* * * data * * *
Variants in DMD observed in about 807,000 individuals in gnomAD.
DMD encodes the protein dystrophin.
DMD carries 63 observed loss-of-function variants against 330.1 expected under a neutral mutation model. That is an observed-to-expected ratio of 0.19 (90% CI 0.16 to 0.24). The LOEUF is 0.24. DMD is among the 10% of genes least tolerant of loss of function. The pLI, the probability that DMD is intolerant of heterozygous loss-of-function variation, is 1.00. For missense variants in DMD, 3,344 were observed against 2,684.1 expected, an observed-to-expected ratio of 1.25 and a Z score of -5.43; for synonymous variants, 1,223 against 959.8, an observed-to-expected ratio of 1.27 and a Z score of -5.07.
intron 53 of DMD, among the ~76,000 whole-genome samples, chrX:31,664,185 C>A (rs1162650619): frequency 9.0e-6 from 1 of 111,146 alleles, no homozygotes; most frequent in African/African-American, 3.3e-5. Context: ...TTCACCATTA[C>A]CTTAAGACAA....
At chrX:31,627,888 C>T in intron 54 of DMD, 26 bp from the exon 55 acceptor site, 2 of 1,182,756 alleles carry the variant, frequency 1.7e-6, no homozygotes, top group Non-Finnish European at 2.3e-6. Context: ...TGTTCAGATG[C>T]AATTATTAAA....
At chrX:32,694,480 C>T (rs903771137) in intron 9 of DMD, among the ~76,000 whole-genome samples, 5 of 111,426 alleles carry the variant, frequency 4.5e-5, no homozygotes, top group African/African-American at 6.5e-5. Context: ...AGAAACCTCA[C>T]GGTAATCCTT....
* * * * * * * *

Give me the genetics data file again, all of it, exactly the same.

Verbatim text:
Variants in DMD observed in about 807,000 individuals in gnomAD.
DMD encodes the protein dystrophin.
DMD carries 63 observed loss-of-function variants against 330.1 expected under a neutral mutation model. That is an observed-to-expected ratio of 0.19 (90% CI 0.16 to 0.24). The LOEUF is 0.24. DMD is among the 10% of genes least tolerant of loss of function. The pLI, the probability that DMD is intolerant of heterozygous loss-of-function variation, is 1.00. For missense variants in DMD, 3,344 were observed against 2,684.1 expected, an observed-to-expected ratio of 1.25 and a Z score of -5.43; for synonymous variants, 1,223 against 959.8, an observed-to-expected ratio of 1.27 and a Z score of -5.07.
intron 53 of DMD, among the ~76,000 whole-genome samples, chrX:31,664,185 C>A (rs1162650619): frequency 9.0e-6 from 1 of 111,146 alleles, no homozygotes; most frequent in African/African-American, 3.3e-5. Context: ...TTCACCATTA[C>A]CTTAAGACAA....
At chrX:31,627,888 C>T in intron 54 of DMD, 26 bp from the exon 55 acceptor site, 2 of 1,182,756 alleles carry the variant, frequency 1.7e-6, no homozygotes, top group Non-Finnish European at 2.3e-6. Context: ...TGTTCAGATG[C>T]AATTATTAAA....
At chrX:32,694,480 C>T (rs903771137) in intron 9 of DMD, among the ~76,000 whole-genome samples, 5 of 111,426 alleles carry the variant, frequency 4.5e-5, no homozygotes, top group African/African-American at 6.5e-5. Context: ...AGAAACCTCA[C>T]GGTAATCCTT....